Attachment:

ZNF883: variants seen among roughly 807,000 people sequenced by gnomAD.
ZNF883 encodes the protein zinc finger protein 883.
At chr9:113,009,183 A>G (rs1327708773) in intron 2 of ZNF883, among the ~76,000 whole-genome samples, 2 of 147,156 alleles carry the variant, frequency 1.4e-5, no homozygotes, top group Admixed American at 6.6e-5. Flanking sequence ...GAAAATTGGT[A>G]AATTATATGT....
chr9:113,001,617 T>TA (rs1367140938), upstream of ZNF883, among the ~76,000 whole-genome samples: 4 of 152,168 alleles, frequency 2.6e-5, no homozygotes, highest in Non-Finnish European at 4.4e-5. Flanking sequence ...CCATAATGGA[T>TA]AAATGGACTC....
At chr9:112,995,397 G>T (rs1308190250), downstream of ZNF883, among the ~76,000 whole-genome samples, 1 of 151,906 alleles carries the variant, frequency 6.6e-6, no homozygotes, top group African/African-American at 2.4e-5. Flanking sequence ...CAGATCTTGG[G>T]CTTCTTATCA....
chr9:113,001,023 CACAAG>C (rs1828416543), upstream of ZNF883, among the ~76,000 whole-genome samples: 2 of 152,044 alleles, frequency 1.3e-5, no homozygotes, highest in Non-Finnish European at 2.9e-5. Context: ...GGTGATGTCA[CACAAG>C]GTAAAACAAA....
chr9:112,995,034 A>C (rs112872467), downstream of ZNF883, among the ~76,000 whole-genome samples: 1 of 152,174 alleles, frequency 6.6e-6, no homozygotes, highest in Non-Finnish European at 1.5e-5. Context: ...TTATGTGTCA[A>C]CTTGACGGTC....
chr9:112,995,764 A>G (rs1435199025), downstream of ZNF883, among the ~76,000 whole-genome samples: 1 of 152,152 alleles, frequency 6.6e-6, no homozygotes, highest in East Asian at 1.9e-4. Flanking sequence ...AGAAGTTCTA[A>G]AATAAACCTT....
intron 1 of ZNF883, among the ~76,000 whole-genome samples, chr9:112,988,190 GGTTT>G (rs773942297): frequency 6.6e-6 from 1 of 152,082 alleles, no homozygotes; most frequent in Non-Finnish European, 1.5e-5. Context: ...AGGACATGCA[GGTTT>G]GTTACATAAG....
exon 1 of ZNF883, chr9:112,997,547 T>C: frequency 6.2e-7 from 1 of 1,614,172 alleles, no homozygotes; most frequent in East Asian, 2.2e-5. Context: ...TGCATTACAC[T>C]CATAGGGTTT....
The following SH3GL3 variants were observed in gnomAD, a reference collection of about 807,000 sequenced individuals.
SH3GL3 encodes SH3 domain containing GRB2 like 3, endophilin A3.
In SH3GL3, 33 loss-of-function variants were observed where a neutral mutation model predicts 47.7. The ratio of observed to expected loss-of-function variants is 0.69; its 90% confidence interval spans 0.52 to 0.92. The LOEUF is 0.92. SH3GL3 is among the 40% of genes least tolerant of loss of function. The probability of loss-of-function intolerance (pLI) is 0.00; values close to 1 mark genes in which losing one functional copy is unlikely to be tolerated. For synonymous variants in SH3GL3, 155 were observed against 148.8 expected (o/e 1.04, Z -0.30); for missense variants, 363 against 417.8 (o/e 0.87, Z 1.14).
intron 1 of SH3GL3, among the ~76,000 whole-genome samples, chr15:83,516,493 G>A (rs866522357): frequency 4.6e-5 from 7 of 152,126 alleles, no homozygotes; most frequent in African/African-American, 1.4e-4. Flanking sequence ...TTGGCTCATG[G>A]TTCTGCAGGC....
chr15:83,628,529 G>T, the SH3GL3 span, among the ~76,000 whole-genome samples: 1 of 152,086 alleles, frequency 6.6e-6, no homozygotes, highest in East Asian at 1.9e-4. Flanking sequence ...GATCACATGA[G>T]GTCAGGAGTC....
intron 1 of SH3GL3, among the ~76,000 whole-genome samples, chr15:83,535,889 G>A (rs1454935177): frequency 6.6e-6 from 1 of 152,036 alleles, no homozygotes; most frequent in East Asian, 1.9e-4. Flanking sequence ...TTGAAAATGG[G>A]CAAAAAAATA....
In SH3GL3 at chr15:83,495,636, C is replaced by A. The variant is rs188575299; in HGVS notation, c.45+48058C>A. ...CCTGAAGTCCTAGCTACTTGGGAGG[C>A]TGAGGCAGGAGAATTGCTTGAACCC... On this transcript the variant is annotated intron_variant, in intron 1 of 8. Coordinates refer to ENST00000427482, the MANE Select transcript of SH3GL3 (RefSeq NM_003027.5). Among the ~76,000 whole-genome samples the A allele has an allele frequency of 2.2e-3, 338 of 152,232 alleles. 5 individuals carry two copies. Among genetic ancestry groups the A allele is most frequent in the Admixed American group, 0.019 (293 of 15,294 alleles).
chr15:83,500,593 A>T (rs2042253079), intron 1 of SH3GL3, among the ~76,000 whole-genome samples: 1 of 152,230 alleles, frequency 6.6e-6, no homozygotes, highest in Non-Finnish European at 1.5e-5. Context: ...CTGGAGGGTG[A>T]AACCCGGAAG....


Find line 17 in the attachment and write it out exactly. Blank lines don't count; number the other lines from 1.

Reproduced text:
In SH3GL3 at chr15:83,495,636, C is replaced by A. The variant is rs188575299; in HGVS notation, c.45+48058C>A. ...CCTGAAGTCCTAGCTACTTGGGAGG[C>A]TGAGGCAGGAGAATTGCTTGAACCC... On this transcript the variant is annotated intron_variant, in intron 1 of 8. Coordinates refer to ENST00000427482, the MANE Select transcript of SH3GL3 (RefSeq NM_003027.5). Among the ~76,000 whole-genome samples the A allele has an allele frequency of 2.2e-3, 338 of 152,232 alleles. 5 individuals carry two copies. Among genetic ancestry groups the A allele is most frequent in the Admixed American group, 0.019 (293 of 15,294 alleles).